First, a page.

Molly Ivins Talks the Talk

June 2, 2004

Heather Heilman
Phone: (504) 865-5714

Ever since Drew Ivins entered Tulane College four years ago there's been talk of inviting his famous aunt for a campus visit.

ivinsHe's graduating this month, but she made it to Tulane in time to sit in on some of his classes.

"I've come to cheer y'all up about the state of politics in this great nation," Molly Ivins told the audience packed into McAlister Auditorium to hear her speak last month as part of the Alchon Forum.

The columnist, author, member of the National Academy of Arts and Sciences and three-time finalist for the Pulitzer Prize described herself as "optimistic to the point of idiocy."

Ivins is an "accidental" expert on George W. Bush. She's known him since they were both high school students in Texas and reported on his political ascent during her tenure at the Fort Worth Star-Telegram.

She is the coauthor of Shrub: The Short but Happy Political Life of George W. Bush and Bushwhacked: Life in George W. Bush's America. She is not the kind of liberal who is consumed with hatred of Bush. Instead, she finds him likable and intelligent and even admits that he's had a few good ideas. Nevertheless, she thinks he's been a disaster as president.

"Grownups can make that distinction," she said. She's not yet willing to place a bet that John Kerry, whom she considers a "boring stiff," will succeed in defeating Bush in this November's election. She thinks Kerry needs to hire a voice coach and that he should think bigger. It's not enough to be the alternative to Bush. "You have to give people a reason to vote for you," she said.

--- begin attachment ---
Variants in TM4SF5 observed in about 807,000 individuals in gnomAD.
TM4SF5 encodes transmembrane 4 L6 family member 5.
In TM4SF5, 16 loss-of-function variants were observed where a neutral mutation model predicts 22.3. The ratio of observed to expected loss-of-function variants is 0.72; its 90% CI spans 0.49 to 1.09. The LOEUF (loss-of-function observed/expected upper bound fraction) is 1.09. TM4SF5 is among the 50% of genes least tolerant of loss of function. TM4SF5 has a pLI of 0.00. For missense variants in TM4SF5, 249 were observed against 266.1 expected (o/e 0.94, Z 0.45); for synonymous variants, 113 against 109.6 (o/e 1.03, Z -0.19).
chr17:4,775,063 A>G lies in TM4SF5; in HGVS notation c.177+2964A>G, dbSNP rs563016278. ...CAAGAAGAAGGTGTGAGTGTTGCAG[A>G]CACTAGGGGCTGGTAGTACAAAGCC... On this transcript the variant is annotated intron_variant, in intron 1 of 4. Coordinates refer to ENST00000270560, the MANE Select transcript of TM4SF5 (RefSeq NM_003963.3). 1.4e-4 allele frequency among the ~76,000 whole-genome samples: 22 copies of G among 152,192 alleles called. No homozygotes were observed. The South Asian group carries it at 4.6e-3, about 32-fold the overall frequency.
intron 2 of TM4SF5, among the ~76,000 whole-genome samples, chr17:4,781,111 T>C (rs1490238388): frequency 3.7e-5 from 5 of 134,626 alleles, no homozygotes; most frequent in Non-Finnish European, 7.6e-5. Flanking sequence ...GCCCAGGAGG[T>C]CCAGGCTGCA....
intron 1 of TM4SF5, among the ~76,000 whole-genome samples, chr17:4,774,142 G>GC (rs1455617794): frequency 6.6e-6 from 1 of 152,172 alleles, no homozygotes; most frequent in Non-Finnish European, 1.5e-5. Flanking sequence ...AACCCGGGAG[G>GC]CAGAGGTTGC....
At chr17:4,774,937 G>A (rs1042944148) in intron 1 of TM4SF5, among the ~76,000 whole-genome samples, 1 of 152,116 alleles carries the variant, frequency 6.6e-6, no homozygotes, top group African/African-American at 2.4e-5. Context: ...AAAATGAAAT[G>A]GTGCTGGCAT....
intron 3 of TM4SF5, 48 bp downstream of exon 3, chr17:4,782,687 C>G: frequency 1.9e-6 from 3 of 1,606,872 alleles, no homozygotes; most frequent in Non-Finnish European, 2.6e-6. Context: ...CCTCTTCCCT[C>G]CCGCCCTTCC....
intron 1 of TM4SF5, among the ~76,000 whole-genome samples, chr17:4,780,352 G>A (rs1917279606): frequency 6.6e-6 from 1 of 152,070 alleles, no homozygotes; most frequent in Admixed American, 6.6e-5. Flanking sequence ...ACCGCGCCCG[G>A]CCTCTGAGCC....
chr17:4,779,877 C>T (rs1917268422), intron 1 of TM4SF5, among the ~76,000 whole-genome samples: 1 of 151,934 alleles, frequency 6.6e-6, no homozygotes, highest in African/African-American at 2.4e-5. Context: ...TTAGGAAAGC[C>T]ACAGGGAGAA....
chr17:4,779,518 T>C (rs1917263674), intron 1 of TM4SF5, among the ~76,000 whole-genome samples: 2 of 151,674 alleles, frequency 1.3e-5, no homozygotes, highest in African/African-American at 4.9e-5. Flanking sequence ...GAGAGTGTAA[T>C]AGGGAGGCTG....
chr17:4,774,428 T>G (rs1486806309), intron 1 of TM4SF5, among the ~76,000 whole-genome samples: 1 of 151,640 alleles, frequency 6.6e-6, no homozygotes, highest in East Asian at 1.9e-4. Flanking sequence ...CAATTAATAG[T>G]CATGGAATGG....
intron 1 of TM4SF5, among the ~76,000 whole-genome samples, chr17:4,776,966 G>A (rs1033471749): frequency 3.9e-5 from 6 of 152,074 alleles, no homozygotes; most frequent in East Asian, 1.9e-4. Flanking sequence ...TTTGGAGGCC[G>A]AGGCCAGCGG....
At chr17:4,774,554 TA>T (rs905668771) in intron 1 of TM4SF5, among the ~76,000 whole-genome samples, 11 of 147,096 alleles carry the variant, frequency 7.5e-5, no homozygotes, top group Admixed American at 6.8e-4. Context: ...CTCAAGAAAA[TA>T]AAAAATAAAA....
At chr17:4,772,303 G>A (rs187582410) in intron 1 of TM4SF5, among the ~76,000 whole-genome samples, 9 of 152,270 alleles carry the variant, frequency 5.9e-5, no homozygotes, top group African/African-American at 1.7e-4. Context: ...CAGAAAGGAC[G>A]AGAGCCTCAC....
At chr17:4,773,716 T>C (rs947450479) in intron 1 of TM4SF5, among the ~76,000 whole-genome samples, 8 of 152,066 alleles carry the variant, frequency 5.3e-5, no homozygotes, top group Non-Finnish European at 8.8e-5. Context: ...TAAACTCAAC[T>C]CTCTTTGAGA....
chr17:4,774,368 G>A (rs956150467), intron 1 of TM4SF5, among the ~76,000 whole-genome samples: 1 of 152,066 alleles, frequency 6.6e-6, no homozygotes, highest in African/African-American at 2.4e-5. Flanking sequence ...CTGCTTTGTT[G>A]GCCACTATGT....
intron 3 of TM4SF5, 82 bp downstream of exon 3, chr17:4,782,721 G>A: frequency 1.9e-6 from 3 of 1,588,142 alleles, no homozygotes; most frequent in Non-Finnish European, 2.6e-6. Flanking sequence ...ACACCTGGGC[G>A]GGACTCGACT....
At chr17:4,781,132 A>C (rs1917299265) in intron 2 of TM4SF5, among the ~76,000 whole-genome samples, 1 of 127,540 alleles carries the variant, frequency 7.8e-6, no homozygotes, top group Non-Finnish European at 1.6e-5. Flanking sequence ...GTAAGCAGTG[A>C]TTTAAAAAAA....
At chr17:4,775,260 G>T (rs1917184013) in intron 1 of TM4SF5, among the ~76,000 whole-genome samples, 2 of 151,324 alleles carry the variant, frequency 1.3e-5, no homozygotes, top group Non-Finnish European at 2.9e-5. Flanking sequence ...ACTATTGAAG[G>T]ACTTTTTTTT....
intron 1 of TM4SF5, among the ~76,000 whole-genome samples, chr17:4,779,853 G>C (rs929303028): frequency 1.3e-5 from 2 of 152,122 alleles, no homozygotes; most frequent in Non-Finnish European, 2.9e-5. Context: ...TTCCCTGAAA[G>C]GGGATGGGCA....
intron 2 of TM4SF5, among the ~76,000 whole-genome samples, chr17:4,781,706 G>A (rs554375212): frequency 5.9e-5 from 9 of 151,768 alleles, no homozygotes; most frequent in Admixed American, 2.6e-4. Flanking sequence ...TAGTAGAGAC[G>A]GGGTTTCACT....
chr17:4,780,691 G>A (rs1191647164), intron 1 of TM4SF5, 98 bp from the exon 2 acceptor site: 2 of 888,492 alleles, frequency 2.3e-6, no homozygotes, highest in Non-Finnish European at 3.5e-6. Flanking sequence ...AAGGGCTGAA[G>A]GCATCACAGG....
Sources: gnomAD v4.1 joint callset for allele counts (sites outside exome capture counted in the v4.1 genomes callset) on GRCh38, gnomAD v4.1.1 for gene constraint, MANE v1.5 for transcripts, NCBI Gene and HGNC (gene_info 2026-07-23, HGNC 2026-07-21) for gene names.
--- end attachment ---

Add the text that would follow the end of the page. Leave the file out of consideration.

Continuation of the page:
So why is she so excited and hopeful about this year's presidential race? Because of the Internet. "The Internet has the potential to bring people back into politics," she said.

The fact that Howard Dean came out of relative obscurity to raise $43 million stunned the political world. The only real problem with the Internet as a political engine is that there are no gatekeepers to ensure the information it circulates is accurate, and bad information can poison the well of democracy. But if new technology transforms American politics, it won't be a minute too soon, in her opinion.

Despite her congenital optimism, she worries that American politics is on the brink of being irreparably corrupted by corporate money. "In 1988, the Supreme Court decided that money equals free speech," she said. "Actually, money is that green stuff you buy things with. Free speech is what comes out of your mouth, hopefully when your brain is engaged. They are not the same thing."

She thinks that public campaign finance is the solution, or at least part of it. But it's also important that average citizens don't give up on politics out of cynicism and disgust.

"There is much to be cynical about," she admitted. "But we are heirs to the most magnificent political legacy that any people has ever received," she said before reciting from the Declaration of Independence. "That legacy should not be thrown away. Politics is not just about those people in Washington. It's our deal. We're the board members. They're just the people we hired to drive the bus for awhile."

And besides, Ivins said, politics can be a lot of fun. There's no doubt she gets a great deal of entertainment out of watching government in action at all levels. "If you took all the fools out of the legislature, it would no longer be a representative body," she commented about Texas politics. The Alchon Forum is a lecture series funded by the late Bernard Alchon to bring speakers with a multiple array of perspectives to campus.

Tulane University, New Orleans, LA 70118 504-865-5000